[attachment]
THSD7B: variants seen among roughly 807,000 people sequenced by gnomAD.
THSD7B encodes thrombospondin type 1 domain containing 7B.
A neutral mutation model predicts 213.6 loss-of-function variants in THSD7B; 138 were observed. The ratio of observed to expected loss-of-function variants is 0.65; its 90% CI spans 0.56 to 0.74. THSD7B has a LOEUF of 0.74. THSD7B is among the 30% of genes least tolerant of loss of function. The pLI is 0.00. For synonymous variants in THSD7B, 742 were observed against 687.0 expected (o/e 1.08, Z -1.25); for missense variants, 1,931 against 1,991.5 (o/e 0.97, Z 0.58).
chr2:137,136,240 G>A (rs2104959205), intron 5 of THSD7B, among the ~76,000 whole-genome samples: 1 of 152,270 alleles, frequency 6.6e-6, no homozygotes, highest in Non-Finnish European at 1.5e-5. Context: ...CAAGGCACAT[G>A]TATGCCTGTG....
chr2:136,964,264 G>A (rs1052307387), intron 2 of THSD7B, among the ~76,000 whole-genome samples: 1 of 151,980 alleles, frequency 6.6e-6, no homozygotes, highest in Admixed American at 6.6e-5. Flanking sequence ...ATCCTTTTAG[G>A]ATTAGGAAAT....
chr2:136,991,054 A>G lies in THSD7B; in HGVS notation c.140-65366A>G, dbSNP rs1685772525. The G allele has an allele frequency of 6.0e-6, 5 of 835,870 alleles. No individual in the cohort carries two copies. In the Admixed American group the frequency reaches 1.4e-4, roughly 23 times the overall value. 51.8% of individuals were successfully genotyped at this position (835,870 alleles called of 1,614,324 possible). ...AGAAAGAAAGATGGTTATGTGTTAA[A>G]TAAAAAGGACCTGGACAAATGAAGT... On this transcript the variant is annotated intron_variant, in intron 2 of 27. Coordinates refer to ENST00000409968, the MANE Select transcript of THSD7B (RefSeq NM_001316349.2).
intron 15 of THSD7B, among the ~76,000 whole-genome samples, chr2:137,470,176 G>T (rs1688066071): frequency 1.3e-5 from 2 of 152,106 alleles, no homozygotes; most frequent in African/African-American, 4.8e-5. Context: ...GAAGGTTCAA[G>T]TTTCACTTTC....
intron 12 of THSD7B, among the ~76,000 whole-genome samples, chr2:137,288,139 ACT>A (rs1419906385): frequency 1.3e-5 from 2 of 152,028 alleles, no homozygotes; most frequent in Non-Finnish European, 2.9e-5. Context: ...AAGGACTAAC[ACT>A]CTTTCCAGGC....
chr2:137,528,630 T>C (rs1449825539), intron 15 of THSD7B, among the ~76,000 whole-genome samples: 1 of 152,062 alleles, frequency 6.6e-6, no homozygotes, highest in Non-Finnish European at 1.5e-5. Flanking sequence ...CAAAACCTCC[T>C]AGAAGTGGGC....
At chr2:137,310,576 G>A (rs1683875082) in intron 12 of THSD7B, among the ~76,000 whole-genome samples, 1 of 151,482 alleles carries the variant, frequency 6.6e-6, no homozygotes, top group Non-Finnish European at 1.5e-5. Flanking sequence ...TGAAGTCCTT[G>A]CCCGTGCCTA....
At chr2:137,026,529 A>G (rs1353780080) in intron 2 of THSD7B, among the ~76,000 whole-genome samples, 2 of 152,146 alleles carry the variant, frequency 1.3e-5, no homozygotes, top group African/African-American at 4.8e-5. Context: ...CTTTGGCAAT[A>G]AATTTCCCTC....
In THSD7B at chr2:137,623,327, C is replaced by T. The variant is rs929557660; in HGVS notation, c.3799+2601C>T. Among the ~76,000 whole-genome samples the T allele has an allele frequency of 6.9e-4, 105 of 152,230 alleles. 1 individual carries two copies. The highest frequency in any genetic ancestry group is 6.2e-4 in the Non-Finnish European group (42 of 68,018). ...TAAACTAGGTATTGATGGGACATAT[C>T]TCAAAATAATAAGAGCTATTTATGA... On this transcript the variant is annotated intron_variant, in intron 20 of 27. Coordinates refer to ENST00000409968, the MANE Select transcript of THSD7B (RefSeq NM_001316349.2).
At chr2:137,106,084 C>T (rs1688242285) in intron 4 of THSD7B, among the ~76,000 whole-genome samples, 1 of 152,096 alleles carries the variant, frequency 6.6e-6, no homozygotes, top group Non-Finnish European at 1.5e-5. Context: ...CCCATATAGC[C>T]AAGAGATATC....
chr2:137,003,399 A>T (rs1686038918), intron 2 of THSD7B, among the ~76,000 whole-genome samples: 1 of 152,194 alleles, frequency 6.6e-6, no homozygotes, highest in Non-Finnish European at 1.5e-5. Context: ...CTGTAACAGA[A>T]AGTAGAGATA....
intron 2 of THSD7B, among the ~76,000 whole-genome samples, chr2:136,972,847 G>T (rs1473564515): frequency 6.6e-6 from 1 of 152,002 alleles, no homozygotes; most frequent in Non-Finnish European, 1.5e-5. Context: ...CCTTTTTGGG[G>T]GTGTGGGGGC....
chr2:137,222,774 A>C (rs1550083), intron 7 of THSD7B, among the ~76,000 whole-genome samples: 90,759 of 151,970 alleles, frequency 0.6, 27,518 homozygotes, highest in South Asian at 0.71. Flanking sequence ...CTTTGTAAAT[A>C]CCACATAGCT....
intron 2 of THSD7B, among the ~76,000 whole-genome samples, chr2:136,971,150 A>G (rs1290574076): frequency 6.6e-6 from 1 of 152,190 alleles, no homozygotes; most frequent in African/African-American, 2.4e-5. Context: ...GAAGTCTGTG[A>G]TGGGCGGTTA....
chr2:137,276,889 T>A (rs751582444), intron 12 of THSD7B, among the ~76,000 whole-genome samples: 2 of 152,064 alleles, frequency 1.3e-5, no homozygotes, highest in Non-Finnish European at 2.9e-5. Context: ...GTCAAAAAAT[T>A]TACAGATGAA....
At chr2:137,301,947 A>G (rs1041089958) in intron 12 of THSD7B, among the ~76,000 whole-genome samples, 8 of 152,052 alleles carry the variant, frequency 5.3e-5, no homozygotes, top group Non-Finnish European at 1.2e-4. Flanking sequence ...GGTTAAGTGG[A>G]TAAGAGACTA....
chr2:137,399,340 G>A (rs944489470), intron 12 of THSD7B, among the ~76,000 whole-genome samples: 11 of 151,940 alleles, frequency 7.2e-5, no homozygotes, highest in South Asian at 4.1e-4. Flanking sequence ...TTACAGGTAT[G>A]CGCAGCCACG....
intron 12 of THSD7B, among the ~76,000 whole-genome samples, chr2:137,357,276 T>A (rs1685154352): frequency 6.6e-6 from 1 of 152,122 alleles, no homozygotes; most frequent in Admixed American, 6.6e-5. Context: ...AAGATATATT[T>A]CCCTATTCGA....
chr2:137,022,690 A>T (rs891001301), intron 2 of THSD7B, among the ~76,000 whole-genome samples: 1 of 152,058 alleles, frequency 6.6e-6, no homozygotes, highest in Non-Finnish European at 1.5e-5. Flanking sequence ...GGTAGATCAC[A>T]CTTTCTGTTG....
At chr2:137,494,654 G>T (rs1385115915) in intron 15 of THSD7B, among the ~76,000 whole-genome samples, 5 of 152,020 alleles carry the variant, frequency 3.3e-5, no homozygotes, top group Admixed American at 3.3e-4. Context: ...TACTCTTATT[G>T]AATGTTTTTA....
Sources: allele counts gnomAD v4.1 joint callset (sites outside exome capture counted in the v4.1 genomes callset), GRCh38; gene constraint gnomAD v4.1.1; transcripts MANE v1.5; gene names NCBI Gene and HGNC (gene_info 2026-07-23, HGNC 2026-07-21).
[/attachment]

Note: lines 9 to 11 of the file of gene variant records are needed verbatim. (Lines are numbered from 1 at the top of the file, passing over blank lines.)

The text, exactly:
chr2:137,528,630 T>C (rs1449825539), intron 15 of THSD7B, among the ~76,000 whole-genome samples: 1 of 152,062 alleles, frequency 6.6e-6, no homozygotes, highest in Non-Finnish European at 1.5e-5. Flanking sequence ...CAAAACCTCC[T>C]AGAAGTGGGC....
At chr2:137,310,576 G>A (rs1683875082) in intron 12 of THSD7B, among the ~76,000 whole-genome samples, 1 of 151,482 alleles carries the variant, frequency 6.6e-6, no homozygotes, top group Non-Finnish European at 1.5e-5. Flanking sequence ...TGAAGTCCTT[G>A]CCCGTGCCTA....
At chr2:137,026,529 A>G (rs1353780080) in intron 2 of THSD7B, among the ~76,000 whole-genome samples, 2 of 152,146 alleles carry the variant, frequency 1.3e-5, no homozygotes, top group African/African-American at 4.8e-5. Context: ...CTTTGGCAAT[A>G]AATTTCCCTC....